Hospitality-Grootbos-Lodge  Property Review: Grootbos Hospitality Grootbos Lodge

Forest Lodge, where I stayed in unit 28, has 16 freestanding luxury suites interconnected with cobbled pathways set beneath the forest canopy. Each suite is stylishly furnished to provide a blend of aesthetic beauty with supreme comfort. A cosy lounge with fireplace and ample wood provided, a small but well stocked kitchen with bar fridge, luxurious canopy beds and spacious bathrooms make this the ultimate getaway for total relaxation. Large glass doors flood the space with natural light and open out onto a spacious wooden deck perched over the forest canopy, with an outdoor shower. Despite the perfect comfort and elegance, the panoramic views of mountain and sea steal the show and humble the extravagant luxury of the suite.

WiFi is complimentary and connects using the guests room number without the need for tedious password authorisation.

The most exclusive offering in the Grootbos portfolio, and quite possibly one of the most exclusive offerings in the whole of South Africa, is the 1000 square meter Villa, which consists of six elegant suites accommodating up to 12 guests and comes complete with its own private guide, chef and butler.

Service

In hospitality, service is the de facto differentiator that separates the wheat from the chaff, and Grootbos definitely takes the cake in this regard. For example, while dining with Forest Lodge’s general manager Sean Ingles, I happened in conversation to mention my passion for cigars. On arriving back at my suite after dinner, a Montecristo of Havanna, Cuba cigar lay presented on the lounge table complete with ashtray, clipper, matches and a personalised complimentary card. Now that’s what I call service with attention to detail!

Activities and Excursions

This is where the 6th sense analogy that I used to introduce this feature comes into play. I can well imagine that when the Lutzeyer family purchased the original farm in 1991, they must have felt the spiritual connection that the land imbues through its incredible biodiversity. Respect and appreciation of the environment are too readily dismissed as elitist affectations, whereas they underpin our physical and spiritual wellbeing.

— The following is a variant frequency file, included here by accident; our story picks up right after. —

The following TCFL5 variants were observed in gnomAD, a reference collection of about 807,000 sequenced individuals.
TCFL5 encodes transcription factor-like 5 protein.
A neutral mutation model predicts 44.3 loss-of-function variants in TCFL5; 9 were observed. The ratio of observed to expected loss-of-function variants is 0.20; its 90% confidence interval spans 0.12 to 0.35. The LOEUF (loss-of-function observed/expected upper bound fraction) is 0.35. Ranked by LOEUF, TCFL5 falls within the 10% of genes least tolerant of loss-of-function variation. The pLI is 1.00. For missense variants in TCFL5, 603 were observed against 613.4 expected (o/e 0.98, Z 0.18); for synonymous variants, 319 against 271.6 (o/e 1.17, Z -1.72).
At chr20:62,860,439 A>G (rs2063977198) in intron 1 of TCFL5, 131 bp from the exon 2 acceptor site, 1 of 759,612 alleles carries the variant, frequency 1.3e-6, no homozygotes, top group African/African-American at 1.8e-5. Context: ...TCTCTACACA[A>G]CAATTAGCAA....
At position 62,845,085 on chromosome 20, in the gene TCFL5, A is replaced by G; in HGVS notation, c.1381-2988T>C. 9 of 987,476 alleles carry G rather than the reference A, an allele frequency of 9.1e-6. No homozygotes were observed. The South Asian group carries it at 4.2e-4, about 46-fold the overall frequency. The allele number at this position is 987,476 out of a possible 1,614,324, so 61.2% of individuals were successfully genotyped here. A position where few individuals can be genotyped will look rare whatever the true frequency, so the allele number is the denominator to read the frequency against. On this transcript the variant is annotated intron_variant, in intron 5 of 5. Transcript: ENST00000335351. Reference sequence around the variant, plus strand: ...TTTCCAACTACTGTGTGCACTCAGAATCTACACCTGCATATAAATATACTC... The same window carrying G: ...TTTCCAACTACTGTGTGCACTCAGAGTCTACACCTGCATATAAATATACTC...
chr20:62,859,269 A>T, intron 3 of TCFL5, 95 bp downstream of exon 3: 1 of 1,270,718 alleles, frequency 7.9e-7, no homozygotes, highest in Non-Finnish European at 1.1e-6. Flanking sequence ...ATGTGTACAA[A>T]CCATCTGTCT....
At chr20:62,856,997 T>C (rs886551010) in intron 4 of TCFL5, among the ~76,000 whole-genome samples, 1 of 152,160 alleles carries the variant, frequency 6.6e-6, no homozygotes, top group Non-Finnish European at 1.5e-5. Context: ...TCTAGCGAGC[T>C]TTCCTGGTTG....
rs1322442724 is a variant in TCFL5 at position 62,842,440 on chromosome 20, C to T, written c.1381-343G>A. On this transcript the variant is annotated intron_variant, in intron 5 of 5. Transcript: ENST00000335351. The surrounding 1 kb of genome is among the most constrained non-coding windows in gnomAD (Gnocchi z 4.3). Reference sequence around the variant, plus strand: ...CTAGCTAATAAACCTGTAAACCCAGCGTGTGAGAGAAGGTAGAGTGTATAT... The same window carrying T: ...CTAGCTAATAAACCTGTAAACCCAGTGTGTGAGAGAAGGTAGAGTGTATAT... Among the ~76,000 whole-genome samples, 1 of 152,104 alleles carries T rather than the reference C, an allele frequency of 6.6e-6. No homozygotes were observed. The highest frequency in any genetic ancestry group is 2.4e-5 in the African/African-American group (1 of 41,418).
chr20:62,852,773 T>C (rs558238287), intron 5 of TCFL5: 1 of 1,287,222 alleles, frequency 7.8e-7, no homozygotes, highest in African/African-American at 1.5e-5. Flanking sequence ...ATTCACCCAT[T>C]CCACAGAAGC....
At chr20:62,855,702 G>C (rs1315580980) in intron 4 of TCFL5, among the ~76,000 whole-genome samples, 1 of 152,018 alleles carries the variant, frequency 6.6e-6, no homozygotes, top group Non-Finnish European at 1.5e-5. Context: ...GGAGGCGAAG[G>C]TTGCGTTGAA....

The friendly and knowledgeable guides take pride in sharing their love for nature and the outdoors, and they know Grootbos and its surrounds like the palm of their hand and display an eagerness to share it’s many secrets with guests. Their humorous commentary and intriguing tales aim to convey science and history through stories that bring the landscape to life. Coming from different backgrounds, cultures and schooling, each guide adds an individual quality and flair to the Grootbos experience – a personal touch and friendliness beyond mere service.

For example, my guide Jo De Villiers explains that of the 9 250 species of flowering plants to be found in the Cape Floristic Region, 760 species are found within Grootbos, of which six are totally new to science, having been discovered by their own botanist, Sean Privett, and found only in this particular part of the reserve.

While all guided adventures are limited to Grootbos guests, there are a host of adventure and scenic guided tours on offer, including whale watching, shark cage diving, beach and cave tours, horse riding, bird watching, scenic flights and quad biking to name but a few.

In conclusion, I have come to realise that Grootbos Private Nature Reserve has so much to offer discerning guests, that one night in paradise is insufficient to truly appreciate this gem of biodiversity and I shall have to return. A sentiment that I am sure every departing guest has made no matter how long they have stayed.

For more information visit www.grootbos.com